In 2001 a recovery effort was made to locate and raise the K7, with the hope of also finding Campbell’s remains, tho this was considered unlikely at the time, and in fact, even tho the majority of K7 would be identified and raised on this expedition, his body would not be found until the following year. Campbell’s own sister, Jean Wales, was said to be opposed to recovering his body as it is claimed he said to her, “skipper and boat stay together” should anything unfortunate ever happen to him. The K7 itself was donated by the Campbell family to the Ruskin Museum in Coniston in December 2006, where it is presently undergoing a full restoration back to running order for short jaunts of up to 65-mph or so for exhibitions. Just recently, in November 2016, it’s engine was fired up again for the first time since the recovery that saw it’s engine being fired up for the first time since it’s recovery from the dark lake bed.
Campbell’s remains were interred in Coniston Cemetery on September 12, 2001, but the event was overshadowed in the press by the terror attacks on the World Trade Center and the Pentagon the day prior. An inquest into Campbell’s death came about in 2002, for the stated purpose “to determine the identity of the deceased, where and when he died, and the cause of death.” As the answers to most of these questions were already known, it was really just a matter of “how” Campbell died.
One witness, Mr. Bill Smith, who acted as a dive team leader during the recovery process, narrated a video tape at the inquest showing several items strewn across the muddy lake bed. Among them were loose change, a St. Christopher’s pendant (ironically, these are worn to ward off dangers while traveling), a cigarette lighter inscribed with an image of the Bluebird, and a key fob, all grouped together. Nearby they found what was left of Campbell’s body, and after spending three and a half decades underwater, it was described as “skeletal.” The remains were still draped in pieces of blue cloth from his coveralls with the elastic waistband and belt buckle still intact. It was noted that, oddly, his skull was not found among the remains. Smith explained that these remains were respectfully placed inside a container and brought to the surface.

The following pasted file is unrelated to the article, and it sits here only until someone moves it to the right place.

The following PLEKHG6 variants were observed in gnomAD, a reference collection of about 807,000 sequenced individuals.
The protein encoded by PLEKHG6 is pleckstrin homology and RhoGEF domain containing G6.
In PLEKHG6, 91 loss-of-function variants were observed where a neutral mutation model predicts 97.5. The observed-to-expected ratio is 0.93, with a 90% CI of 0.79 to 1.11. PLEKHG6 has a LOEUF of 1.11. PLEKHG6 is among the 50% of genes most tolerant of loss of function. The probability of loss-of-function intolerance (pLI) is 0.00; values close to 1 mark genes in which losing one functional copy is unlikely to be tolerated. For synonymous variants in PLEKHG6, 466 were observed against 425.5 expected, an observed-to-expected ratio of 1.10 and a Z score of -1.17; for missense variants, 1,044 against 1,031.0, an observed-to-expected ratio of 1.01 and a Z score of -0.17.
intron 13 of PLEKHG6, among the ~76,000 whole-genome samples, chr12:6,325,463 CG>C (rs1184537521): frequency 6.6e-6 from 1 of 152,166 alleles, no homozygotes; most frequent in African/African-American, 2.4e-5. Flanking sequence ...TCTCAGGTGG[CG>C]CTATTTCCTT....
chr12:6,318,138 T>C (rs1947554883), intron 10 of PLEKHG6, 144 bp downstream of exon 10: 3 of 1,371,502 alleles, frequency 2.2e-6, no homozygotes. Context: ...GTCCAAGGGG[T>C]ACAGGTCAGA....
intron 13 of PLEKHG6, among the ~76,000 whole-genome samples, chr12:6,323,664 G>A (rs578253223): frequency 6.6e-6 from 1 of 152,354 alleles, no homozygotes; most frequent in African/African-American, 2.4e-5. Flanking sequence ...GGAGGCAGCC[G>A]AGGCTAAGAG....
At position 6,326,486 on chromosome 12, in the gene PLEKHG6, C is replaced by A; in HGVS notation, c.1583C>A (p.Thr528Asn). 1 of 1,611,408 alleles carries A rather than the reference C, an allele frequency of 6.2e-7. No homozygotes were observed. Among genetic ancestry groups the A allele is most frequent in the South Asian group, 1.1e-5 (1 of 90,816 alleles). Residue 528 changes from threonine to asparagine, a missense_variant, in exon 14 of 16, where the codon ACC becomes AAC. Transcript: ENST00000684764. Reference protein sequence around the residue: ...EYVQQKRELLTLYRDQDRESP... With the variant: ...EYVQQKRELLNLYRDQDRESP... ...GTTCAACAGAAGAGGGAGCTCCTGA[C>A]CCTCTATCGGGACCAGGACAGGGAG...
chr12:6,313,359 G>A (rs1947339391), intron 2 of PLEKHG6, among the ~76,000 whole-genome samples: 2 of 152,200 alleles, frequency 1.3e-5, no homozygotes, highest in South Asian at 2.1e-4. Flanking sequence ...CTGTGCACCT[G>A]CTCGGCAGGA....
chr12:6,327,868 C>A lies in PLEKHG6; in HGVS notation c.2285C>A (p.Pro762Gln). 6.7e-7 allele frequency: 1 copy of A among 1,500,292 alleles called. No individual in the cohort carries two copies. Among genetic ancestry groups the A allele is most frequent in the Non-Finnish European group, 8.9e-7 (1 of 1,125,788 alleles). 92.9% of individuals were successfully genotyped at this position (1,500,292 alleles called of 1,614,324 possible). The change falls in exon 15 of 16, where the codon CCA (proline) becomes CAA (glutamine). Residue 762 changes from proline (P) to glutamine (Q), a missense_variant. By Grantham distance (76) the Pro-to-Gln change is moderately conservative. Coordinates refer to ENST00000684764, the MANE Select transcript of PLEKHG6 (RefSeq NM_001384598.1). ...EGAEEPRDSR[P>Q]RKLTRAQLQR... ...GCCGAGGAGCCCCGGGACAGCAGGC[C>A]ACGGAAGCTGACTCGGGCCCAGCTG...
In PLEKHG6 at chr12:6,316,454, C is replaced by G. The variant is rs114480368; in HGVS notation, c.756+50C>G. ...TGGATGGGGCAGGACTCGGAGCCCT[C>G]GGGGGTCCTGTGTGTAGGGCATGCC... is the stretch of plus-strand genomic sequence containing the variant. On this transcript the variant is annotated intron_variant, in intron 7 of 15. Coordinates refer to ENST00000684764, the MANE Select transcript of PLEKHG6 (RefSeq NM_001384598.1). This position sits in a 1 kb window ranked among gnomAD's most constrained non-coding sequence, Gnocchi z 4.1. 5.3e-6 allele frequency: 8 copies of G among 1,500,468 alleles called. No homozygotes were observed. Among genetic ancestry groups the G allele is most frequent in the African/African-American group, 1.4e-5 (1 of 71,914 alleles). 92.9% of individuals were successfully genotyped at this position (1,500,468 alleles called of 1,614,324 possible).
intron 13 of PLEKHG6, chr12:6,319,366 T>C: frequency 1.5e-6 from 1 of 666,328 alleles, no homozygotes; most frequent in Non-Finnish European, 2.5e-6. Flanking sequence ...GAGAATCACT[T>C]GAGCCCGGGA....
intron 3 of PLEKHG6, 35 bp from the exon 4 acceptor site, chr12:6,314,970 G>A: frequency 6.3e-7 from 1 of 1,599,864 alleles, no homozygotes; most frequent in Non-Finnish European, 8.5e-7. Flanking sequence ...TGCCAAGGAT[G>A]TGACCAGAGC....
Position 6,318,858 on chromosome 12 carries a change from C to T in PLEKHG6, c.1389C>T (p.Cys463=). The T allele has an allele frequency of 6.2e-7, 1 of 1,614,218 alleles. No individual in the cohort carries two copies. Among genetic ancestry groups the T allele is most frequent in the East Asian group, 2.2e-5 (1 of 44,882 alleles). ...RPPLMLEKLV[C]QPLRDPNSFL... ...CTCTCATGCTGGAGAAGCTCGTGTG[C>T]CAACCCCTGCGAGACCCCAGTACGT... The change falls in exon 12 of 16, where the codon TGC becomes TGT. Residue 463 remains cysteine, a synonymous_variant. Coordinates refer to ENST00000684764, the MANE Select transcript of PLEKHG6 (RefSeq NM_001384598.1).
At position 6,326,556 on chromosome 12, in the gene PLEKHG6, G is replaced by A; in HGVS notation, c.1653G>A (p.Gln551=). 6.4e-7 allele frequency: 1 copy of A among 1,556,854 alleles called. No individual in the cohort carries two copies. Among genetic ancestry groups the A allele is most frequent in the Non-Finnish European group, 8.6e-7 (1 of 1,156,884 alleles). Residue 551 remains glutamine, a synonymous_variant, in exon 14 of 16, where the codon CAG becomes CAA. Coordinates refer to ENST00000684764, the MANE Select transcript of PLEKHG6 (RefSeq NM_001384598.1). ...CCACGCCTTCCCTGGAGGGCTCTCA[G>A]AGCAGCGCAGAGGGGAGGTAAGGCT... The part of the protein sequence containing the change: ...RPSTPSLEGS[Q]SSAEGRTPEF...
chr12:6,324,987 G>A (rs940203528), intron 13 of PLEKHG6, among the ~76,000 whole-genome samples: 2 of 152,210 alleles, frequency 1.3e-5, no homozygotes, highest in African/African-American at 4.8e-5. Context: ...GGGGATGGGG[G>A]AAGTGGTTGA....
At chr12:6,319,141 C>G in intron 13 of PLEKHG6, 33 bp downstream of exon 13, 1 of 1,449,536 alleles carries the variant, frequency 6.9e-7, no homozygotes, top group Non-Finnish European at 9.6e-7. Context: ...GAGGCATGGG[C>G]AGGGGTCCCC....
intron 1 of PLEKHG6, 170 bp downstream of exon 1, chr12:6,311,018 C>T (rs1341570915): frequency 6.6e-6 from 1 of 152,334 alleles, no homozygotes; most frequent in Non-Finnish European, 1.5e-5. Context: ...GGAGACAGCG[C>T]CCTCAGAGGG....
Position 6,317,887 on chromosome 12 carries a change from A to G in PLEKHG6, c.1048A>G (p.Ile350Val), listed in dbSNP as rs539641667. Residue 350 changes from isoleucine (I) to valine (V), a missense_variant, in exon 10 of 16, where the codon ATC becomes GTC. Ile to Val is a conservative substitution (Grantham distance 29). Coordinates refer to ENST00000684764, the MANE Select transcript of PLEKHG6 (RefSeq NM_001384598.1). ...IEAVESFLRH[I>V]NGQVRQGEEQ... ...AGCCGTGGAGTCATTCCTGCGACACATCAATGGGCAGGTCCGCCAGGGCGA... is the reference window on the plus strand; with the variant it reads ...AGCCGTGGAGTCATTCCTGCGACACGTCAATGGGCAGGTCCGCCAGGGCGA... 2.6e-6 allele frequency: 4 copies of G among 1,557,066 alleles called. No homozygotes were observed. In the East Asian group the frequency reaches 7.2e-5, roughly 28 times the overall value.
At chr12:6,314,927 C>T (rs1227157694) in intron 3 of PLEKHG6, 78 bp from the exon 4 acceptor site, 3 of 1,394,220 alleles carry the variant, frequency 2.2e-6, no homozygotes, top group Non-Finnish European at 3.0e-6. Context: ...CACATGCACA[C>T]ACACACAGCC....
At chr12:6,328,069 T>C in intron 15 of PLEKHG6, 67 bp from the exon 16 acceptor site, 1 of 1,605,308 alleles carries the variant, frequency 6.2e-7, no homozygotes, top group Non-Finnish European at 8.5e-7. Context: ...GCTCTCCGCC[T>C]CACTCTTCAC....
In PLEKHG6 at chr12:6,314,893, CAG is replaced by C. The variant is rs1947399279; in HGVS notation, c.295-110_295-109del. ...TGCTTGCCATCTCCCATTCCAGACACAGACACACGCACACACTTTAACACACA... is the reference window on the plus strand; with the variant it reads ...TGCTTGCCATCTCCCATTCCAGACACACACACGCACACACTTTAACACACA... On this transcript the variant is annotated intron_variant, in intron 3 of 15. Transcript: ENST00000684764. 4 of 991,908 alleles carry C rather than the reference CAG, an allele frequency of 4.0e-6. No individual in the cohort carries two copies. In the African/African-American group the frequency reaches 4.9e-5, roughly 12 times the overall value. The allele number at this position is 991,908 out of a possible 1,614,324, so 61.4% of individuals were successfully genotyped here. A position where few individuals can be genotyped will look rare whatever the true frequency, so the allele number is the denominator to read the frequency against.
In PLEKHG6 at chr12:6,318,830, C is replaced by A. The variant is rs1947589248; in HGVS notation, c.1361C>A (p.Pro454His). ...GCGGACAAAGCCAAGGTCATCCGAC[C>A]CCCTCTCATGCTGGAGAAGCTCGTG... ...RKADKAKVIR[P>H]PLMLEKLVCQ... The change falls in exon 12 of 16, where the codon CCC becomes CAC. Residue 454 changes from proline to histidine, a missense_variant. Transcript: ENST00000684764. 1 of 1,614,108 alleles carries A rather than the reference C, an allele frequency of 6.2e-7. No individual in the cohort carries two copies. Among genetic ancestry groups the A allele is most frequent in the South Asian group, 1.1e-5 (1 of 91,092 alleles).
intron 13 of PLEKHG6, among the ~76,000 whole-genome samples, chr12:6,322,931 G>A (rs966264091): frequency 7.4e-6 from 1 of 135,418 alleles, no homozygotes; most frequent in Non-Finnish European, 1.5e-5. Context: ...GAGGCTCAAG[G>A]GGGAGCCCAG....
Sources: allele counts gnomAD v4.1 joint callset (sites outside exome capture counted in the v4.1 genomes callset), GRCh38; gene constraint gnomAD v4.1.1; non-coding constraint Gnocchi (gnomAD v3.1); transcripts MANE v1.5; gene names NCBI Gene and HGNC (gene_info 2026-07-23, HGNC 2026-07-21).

Dr. Wendy Blundell, the pathologist responsible for examining Campbell’s remains, described the trauma of the event in harrowing detail. Multiple bones were broken by the ferocity of the boat’s high-speed impact with the water’s surface, but even those that appeared intact were found to be fractured internally upon being examined under an X-ray. The intact left femur gave evidence that the right side of his body took the brunt of the impact, where the shattered bones bore witness to the massive forces at work during the crash. Perhaps most shocking was the revelation that Campbell was fully decapitated by the jagged edges of the broken Perspex (ie: plexiglass) windscreen as his body was propelled forward into the bulkhead by the crushing force of the blow. His empty helmet was recovered the day of the crash but his skull has never been found, and is presumed to still lay at the bottom of the lake. Considering that not all the various smaller bits of K7 were, nor are they likely to ever be, recovered, it is fitting perhaps that some part of Donald Campbell also remain at the bottom of Water Coniston, “skipper and boat stay together” after all.
Visit the official restoration blog for K7 to stay up to date on the latest developments concerning the boat’s restoration. www.bluebirdproject.com
Images via Wikimedia creative commons license, courtesy “Sheppane” except memorial stone image by “Thruxton.”
Article originally appeared on MotoArigato.com